My first impression of Glasgow was through the eyes of someone who was tired and hungry. Thankfully, a full meal and a good seven hours of sleep helped me bounce right back the following day for our exploration of Glasgow. Before arriving in Scotland, I did not know much about Glasgow, so I did not have any expectations of how the day was going to go. However, I know I did not need any expectations because of all the beautiful places we visited. The city is very historical and the architecture is there to prove it. Just walking down the streets, you see building after building with centuries-old architecture that point to the long line of history. The people in Glasgow are also the kindest people who will always stop to help, hence their tagline ‘People Make Glasgow.’
The first place I visited with the professors and students in my program was the Glasgow Museum at Kelvin Hall, which has teachings, research, and access to many collections, some of which were directly related to our course material. We did not stay long because we had a long day ahead of us, so we did not get to see much. However, our tour guide mentioned many of the exhibits and displays that were in the museum. For example, the tour guide mentioned the museum had an exhibit on Scotland’s history in the slave trade, which we have discussed in my Representing Race and Diversity class. Prior to this class and arriving in Scotland, I did not know much about the role Scotland played in the slave trade. Through the classes and a few walking tours around Glasgow, I have a better understanding about Scotland and its role.
After Kelvin Hall, we walked to the Hunterian Museum, which is located at the University of Glasgow. Before seeing the university for the first time, I did know about the Hunterian Museum. I did not know much about the Cloisters, however I have seen enough pictures across all social media. (And of course, I had to add to the collection!) It was definitely a surreal experience seeing something you have only ever seen in pictures or videos. I think seeing the University of Glasgow and Cloisters really cemented that I was here in Scotland, a whole different country.
Our next destination was the Glasgow Cathedral and the Necropolis. The cathedral was beautiful, from the architecture to the stained glass windows to the small details engraved into the structure. We had the chance to listen on headphones to all the cathedral’s history, and it was interesting to hear and understand the history better as I moved around the cathedral taking it all in. Above the cathedral, on a steep hill, sits the Glasgow Necropolis. It is a Victorian cemetery where fifty thousand people are buried. Our final destination was supposed to be the People’s Palace, but our trek around the city ended in Glasgow Green because everyone was tired from the jet lag/walking all day and the palace ended up being closed.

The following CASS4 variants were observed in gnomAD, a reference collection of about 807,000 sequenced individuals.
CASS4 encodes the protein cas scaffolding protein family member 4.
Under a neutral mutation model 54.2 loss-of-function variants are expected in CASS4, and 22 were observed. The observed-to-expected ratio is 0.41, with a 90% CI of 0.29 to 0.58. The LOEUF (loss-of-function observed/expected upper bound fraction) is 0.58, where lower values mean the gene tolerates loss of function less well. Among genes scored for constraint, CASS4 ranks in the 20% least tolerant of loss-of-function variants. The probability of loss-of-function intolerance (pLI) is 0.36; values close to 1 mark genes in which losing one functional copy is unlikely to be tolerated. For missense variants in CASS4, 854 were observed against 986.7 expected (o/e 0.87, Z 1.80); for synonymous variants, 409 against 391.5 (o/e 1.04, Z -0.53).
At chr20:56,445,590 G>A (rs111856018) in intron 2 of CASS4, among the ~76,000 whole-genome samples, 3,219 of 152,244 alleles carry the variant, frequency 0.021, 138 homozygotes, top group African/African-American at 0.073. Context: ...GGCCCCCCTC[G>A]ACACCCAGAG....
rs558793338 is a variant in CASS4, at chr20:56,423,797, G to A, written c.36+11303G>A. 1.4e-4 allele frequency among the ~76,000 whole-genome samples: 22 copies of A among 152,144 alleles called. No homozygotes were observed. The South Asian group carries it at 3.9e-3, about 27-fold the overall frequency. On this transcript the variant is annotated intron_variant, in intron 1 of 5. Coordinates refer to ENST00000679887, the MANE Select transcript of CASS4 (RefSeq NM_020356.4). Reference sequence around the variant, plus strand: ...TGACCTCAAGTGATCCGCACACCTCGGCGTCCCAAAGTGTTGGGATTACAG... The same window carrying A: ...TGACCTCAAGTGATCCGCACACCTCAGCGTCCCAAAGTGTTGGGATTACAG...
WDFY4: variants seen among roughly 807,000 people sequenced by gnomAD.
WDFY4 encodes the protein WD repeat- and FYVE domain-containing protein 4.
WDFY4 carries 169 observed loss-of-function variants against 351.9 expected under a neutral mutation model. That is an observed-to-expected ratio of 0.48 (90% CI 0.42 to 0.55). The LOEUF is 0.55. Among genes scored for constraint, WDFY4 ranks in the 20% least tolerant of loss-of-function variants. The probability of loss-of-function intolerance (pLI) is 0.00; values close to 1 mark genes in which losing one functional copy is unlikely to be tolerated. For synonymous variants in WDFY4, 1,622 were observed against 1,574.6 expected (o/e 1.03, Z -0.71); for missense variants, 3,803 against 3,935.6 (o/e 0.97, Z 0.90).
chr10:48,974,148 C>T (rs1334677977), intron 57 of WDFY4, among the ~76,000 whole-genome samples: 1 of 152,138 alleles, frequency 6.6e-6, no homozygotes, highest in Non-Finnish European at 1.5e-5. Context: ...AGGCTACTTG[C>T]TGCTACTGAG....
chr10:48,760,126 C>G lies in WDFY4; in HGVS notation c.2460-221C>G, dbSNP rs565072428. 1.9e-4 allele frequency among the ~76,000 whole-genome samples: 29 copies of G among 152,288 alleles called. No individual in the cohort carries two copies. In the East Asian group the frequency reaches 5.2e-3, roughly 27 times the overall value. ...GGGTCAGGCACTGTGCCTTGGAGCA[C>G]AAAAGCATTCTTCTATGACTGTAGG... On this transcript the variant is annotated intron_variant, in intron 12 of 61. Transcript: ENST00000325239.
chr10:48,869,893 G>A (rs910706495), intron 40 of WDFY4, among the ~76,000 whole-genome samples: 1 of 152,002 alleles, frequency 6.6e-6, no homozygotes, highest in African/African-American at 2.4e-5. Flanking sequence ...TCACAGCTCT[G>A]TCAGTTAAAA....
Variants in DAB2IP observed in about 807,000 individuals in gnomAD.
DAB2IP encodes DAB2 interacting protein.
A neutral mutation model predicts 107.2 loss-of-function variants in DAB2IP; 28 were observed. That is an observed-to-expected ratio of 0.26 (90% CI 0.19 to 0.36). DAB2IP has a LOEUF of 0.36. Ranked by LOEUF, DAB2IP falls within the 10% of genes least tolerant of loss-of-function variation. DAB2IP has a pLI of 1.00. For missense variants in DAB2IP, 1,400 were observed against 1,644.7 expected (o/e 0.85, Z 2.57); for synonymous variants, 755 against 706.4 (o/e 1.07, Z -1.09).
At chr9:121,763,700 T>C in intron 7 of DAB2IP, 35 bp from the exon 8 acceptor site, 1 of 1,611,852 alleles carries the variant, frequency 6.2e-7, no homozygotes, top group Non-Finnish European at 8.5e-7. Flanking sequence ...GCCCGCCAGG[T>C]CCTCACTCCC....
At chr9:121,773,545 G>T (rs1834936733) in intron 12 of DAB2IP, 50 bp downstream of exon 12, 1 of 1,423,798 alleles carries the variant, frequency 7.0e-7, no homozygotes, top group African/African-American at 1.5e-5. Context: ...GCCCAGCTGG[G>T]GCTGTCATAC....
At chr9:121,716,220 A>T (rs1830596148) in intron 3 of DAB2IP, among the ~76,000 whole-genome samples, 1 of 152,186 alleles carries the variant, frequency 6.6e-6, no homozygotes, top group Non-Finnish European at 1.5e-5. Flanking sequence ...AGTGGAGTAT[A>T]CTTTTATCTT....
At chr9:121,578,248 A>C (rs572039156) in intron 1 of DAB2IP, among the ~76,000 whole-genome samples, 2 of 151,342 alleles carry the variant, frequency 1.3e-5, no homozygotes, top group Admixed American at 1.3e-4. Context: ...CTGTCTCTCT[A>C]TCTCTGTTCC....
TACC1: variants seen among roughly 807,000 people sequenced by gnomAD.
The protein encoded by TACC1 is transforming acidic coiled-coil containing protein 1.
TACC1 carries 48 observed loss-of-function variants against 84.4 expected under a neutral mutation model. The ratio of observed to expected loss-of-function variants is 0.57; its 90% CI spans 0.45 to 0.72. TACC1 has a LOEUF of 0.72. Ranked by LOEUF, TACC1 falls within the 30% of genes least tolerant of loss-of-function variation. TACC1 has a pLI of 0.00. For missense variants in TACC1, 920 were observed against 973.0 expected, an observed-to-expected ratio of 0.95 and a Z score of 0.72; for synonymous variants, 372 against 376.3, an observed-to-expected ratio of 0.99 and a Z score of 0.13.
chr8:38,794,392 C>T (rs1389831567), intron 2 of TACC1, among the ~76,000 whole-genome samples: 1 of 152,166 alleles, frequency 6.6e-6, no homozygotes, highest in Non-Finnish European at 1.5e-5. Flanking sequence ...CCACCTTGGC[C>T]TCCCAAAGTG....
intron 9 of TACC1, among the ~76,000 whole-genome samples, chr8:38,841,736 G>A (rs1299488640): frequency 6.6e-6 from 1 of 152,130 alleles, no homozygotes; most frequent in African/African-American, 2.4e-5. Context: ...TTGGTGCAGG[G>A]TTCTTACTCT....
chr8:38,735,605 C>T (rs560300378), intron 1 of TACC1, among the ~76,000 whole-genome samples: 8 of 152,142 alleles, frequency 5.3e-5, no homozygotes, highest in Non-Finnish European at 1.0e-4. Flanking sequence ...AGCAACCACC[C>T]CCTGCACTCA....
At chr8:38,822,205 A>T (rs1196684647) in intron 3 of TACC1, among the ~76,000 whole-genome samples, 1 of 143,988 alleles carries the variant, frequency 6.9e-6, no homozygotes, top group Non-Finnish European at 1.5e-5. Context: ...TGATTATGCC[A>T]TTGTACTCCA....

Glasgow was the first city in a different country where I have lived on my own before. Of course, I made friends while I was here and I had resources close by, but I didn’t have the comfort of my parents to fall back on. This was my first time living independently in another country and because of that, Glasgow will always have a place in my heart!
I spent my last week in Glasgow soaking in all the memories I made. I left Scotland with all the new education and lessons from my classes that will follow me forever. I am in London, England now and although I am very excited to experience London, I will miss Scotland. To be able to engage with Scottish culture by visiting museums, walking famous streets, and studying notable figures, I have been able to better understand the literature I am studying, which has inspired my desire to write and share my experiences with everyone. These last few weeks have been an experience that I will always remember and I am so glad I had the opportunity to explore the country.